“I was put on the ‘conveyor belt’. That meant I was interrogated all the time: the investigators were on shifts, but I was on my feet all the time. If I fell, they got me up, beat me and put me back on my feet. I was there for a week at a time! When I started losing consciousness, they poured water over me and chucked me in the cell. Then there was the chair. It was on wheels. My hands were tied; one investigator turned the chair around and the other one stopped it, then it started again. The blood pounds in your head and you no longer understand anything. They stuck a paper under my nose ‘Sing, you bastard! Give us the information we want…on a plate!’ Needles were stuck under my nails, but I didn’t sign anything. I got a 10-year sentence for being a Trotskyist counter-revolutionary. Then they landed another 5 years on me. As Utyosov used to sing, ‘Tout va tres bien, Madame la Marquise!’”
Pavel Kalinkovich laughs again, as if he telling me some amusing incident from his life, rather than talking about torture.
“Why are you laughing?”
“Should I be crying? All my tears are shed, though actually I don’t remember crying at the time. I used to say to myself ‘Die, you bastards, die! But I shall live!’”
Auschwitz without the ovens
“Heartlessly I trample the corpses,
My heart has turned to stone…
It happens in snowy Kolyma,
A ghastly and evil planet,
Where the snowstorm howls
And there’s no good and no happiness”
Pavel Kalinkovich wrote this poem many, many years after he had been released. He was woken at night by his own screams, because he had been dreaming he was back in the frozen camp hut in Kolyma, where shadowy figures, who were no longer real people, huddled around a smouldering stove trying to keep warm.
“Kolyma is Auschwitz without the ovens. Prisoners travelled in batches of 1500; within 3 months only 450 people of our batch were left alive. They died of cold, hunger and the backbreaking labour. We extracted gold in mines and in quarries. The norm was 150 carts and if you didn’t make it, then you stayed on for the second shift to make up your quota. Then you had to drill two or three drillholes in the permafrost. Then you were sent to the forest to get firewood for the hut and for the kitchen. We worked 16 hours a day. Men turned into animals, dumb cattle. Your only thoughts were of food, of an extra bowl of balanda [thin soup].”
“What is balanda and how is it made?”
“It’s soup made of flounder, which comes straight from the barrel and is boiled up, guts and all, with salt. Then red cabbage is added in and you have your gruel – greasy and delicious!”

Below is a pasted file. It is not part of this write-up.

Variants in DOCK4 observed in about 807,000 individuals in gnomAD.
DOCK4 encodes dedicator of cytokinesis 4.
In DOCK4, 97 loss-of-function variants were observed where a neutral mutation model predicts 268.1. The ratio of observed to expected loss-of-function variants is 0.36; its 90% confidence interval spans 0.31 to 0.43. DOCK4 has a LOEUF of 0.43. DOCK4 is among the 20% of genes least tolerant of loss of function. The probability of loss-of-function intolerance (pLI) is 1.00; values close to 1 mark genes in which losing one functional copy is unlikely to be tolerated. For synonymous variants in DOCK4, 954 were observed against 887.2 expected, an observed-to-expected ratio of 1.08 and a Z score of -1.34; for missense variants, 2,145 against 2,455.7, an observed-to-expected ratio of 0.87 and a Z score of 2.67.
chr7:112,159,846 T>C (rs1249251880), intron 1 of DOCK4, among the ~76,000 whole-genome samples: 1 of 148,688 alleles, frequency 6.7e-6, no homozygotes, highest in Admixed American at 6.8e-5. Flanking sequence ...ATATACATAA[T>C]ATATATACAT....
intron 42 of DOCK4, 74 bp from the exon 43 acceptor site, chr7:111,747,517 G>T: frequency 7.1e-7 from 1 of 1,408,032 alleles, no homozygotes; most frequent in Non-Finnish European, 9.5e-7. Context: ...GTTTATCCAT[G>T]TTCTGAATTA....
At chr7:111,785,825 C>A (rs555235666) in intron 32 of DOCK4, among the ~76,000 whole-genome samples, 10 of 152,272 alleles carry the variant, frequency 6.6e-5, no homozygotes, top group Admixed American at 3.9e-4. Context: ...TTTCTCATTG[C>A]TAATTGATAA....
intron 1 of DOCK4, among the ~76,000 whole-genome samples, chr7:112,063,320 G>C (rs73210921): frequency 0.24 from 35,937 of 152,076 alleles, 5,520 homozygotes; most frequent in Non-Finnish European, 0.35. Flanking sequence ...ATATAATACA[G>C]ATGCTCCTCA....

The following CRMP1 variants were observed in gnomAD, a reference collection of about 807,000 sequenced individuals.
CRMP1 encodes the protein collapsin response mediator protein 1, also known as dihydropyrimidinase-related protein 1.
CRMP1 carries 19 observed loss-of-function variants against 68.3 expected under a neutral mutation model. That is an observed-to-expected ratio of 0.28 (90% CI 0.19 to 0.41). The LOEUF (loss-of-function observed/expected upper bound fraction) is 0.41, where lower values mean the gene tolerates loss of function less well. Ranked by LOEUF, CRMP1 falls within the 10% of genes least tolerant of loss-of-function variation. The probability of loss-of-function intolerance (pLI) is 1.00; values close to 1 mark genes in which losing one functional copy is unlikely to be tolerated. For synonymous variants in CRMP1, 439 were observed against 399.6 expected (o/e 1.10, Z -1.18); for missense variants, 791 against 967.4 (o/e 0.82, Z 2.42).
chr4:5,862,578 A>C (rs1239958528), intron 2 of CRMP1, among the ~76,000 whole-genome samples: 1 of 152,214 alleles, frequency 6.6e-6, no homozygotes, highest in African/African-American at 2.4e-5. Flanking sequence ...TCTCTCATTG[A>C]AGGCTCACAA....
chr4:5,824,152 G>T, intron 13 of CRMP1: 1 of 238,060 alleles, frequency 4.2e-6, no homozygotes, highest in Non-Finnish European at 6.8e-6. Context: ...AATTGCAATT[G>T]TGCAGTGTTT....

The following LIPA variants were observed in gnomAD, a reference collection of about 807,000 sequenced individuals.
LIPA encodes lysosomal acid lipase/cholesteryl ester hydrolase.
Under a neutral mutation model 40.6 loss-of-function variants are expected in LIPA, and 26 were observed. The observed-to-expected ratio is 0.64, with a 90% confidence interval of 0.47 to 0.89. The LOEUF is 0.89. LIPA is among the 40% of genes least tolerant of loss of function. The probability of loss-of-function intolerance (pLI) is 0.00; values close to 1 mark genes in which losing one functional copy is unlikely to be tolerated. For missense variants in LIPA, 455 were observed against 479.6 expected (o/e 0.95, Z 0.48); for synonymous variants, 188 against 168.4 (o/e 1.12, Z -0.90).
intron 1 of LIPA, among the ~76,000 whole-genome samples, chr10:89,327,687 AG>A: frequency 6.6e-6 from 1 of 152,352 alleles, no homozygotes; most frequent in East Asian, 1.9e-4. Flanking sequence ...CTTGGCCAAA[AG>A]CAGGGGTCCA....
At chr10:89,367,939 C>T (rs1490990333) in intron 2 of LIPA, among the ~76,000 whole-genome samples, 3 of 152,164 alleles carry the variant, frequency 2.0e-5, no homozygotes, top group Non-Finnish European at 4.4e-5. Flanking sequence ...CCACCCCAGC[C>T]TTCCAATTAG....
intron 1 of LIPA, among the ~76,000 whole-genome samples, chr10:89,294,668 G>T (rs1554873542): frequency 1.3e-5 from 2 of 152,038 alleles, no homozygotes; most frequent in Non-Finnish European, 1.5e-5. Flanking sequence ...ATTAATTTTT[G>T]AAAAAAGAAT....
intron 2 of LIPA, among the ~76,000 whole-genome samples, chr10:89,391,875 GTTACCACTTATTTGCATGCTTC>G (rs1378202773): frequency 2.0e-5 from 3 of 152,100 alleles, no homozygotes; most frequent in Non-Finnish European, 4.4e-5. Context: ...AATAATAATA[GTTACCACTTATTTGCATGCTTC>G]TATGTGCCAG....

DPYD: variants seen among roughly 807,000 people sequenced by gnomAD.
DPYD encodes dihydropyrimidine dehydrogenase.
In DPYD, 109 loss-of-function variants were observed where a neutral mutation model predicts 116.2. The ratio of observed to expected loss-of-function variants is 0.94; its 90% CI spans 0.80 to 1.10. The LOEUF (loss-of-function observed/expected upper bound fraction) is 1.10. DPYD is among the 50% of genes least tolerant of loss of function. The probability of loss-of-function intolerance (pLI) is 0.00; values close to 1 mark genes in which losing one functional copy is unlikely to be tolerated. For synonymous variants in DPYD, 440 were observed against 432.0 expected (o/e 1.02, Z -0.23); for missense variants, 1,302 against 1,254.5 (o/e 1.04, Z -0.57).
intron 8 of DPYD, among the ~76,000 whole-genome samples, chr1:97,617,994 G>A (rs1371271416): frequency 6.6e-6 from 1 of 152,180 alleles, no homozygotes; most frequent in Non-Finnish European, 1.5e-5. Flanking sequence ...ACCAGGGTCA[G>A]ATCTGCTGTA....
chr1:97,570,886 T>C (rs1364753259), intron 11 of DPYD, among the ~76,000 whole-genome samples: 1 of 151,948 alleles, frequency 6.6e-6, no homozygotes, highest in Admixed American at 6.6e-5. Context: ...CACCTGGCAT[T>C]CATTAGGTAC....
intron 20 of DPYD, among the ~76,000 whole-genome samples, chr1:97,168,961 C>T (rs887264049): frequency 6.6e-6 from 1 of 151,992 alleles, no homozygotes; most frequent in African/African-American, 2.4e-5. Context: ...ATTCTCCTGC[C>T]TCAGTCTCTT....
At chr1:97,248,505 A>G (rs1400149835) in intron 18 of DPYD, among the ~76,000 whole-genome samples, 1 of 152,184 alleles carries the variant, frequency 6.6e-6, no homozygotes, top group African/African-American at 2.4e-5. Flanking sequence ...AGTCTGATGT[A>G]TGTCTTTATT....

“Of course not! It’s unbelievably bitter. You wouldn’t be able to eat it, but we did, because there was nothing else. Each person got a ladle of this brew. It was dished out by a fellow prisoner: if he liked you, he’d dig down so you got a thicker soup, if he didn’t he’d take it from the surface and it’d be sloppier. The canteen was cold and filthy with icicles on the floor, so you had to pick you way like a mountaineer. By the time you got to the table the soup was cold. In the morning you got runny slops, tea, a piece of sugar and 600-900 grammes of bread. You mix it all up so your tin is full, then you eat it and feel as though your stomach’s full, though you’re just as hungry as you were. I used to collect up herring heads and eat them.
“You can’t get to sleep, when you’re so hungry, then you sleep for a hour and have to rush to the toilet. That’s a pit in the ground surrounded by poles and that’s the toilet. The filth was indescribable. There were mounds of shit all round and outside the barrack there were veritable mountains. In the spring the goners had to hack at it.”
The North-East Corrective Camp, or more simply Kolyma, was set up in the Far East in 1932 and was one of the toughest camps in the GULag network. Prisoners mainly worked in the gold and uranium mines. Official figures for the number of prisoners in the Kolyma camps for the years 1932-53 are 740,434. Approximately 10,000 were shot, 120-130,000 died of hunger, cold and disease. Independent researchers consider that there were no less than 2,300,000 prisoners and that the numbers of those who perished are incalculable, as the corpses were simply thrown into a pit.
“But where did the prisoners sleep and did you have a blanket?”